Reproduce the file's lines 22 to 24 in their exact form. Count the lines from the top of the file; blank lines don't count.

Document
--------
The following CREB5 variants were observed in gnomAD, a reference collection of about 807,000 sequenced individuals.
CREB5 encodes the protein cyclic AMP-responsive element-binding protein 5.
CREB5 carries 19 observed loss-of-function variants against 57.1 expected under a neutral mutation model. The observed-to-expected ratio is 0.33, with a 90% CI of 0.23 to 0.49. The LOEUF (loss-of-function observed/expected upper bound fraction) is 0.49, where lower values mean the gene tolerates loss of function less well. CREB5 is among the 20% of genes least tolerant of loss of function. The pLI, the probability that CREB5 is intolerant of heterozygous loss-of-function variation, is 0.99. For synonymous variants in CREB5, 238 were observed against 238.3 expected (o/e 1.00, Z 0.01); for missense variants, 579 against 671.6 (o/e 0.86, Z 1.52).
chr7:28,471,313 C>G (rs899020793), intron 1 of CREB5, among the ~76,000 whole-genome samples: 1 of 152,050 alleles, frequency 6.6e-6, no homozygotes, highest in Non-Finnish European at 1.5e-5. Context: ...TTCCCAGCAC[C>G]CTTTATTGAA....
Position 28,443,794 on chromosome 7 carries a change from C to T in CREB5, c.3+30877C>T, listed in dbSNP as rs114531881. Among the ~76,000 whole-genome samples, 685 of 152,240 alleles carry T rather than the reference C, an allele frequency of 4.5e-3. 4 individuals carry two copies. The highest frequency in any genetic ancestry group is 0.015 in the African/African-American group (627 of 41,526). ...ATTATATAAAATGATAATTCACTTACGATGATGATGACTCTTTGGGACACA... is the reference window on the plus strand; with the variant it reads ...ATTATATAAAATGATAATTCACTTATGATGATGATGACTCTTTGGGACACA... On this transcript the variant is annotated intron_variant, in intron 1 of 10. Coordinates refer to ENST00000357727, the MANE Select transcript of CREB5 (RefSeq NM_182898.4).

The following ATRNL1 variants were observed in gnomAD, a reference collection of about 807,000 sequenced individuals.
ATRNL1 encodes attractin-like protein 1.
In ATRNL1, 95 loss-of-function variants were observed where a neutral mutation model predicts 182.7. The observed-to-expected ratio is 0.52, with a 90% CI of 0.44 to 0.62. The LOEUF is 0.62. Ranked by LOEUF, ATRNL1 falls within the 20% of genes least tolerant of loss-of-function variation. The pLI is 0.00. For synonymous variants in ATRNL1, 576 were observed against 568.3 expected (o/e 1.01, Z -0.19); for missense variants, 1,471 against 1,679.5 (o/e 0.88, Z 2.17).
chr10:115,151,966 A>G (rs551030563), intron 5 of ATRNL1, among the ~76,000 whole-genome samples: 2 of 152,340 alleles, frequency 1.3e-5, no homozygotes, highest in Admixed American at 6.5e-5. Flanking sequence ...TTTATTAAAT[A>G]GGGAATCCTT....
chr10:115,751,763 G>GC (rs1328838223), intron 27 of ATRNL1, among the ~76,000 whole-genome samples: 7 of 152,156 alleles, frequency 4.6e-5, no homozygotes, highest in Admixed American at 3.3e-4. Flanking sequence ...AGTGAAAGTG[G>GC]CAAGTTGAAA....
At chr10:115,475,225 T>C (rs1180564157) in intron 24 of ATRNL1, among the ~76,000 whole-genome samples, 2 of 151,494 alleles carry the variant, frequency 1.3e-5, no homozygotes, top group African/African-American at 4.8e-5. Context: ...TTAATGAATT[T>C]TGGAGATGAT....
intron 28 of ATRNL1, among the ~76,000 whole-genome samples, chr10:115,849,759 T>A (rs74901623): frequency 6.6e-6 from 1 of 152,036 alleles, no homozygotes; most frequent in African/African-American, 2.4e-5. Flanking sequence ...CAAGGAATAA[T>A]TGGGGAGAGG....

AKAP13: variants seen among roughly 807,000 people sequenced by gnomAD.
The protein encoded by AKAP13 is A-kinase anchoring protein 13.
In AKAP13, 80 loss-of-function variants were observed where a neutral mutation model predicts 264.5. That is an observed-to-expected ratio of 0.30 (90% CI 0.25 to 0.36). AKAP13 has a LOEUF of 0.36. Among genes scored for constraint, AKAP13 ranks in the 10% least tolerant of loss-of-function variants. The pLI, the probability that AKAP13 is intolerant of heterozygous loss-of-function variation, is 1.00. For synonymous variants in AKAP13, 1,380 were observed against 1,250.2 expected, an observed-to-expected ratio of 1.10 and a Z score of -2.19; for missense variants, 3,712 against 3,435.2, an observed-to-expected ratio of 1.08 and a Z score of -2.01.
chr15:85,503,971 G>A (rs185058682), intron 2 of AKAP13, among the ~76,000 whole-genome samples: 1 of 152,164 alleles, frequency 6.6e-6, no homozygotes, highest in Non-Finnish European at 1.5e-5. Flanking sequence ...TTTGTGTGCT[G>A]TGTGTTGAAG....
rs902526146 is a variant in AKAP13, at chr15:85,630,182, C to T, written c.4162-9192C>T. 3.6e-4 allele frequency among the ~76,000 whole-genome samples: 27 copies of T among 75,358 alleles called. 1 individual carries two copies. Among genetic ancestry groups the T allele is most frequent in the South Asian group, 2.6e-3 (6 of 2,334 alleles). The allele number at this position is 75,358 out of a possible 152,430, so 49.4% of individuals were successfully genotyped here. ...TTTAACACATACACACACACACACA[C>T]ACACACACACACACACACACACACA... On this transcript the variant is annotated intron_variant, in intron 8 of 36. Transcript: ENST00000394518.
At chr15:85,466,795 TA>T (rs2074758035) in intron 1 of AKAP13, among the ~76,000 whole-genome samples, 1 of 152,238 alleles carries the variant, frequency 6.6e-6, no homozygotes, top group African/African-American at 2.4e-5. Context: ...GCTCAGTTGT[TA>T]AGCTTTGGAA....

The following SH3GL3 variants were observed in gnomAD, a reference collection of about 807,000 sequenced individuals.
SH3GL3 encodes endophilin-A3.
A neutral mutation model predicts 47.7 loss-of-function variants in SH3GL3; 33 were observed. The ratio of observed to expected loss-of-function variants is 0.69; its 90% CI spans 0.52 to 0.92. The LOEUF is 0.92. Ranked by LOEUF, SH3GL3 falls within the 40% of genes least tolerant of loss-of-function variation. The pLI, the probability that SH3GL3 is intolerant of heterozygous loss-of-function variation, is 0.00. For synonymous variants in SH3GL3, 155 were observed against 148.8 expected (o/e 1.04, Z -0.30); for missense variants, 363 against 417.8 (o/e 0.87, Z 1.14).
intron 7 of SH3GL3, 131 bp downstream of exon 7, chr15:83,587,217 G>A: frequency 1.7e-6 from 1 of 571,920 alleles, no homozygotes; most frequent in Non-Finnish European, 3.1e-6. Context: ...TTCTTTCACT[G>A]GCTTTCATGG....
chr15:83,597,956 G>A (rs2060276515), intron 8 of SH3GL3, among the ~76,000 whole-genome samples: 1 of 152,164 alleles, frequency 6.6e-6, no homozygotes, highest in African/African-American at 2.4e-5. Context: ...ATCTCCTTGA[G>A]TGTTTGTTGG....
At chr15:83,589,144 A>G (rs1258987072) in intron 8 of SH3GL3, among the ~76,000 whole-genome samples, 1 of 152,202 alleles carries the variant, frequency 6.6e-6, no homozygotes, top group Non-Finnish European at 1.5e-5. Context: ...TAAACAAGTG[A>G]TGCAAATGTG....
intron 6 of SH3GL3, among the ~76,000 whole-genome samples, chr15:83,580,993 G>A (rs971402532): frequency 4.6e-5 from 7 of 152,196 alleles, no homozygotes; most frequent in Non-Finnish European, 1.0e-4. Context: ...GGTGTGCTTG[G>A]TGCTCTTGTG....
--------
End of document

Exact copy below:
intron 7 of SH3GL3, 131 bp downstream of exon 7, chr15:83,587,217 G>A: frequency 1.7e-6 from 1 of 571,920 alleles, no homozygotes; most frequent in Non-Finnish European, 3.1e-6. Context: ...TTCTTTCACT[G>A]GCTTTCATGG....
chr15:83,597,956 G>A (rs2060276515), intron 8 of SH3GL3, among the ~76,000 whole-genome samples: 1 of 152,164 alleles, frequency 6.6e-6, no homozygotes, highest in African/African-American at 2.4e-5. Context: ...ATCTCCTTGA[G>A]TGTTTGTTGG....
At chr15:83,589,144 A>G (rs1258987072) in intron 8 of SH3GL3, among the ~76,000 whole-genome samples, 1 of 152,202 alleles carries the variant, frequency 6.6e-6, no homozygotes, top group Non-Finnish European at 1.5e-5. Context: ...TAAACAAGTG[A>G]TGCAAATGTG....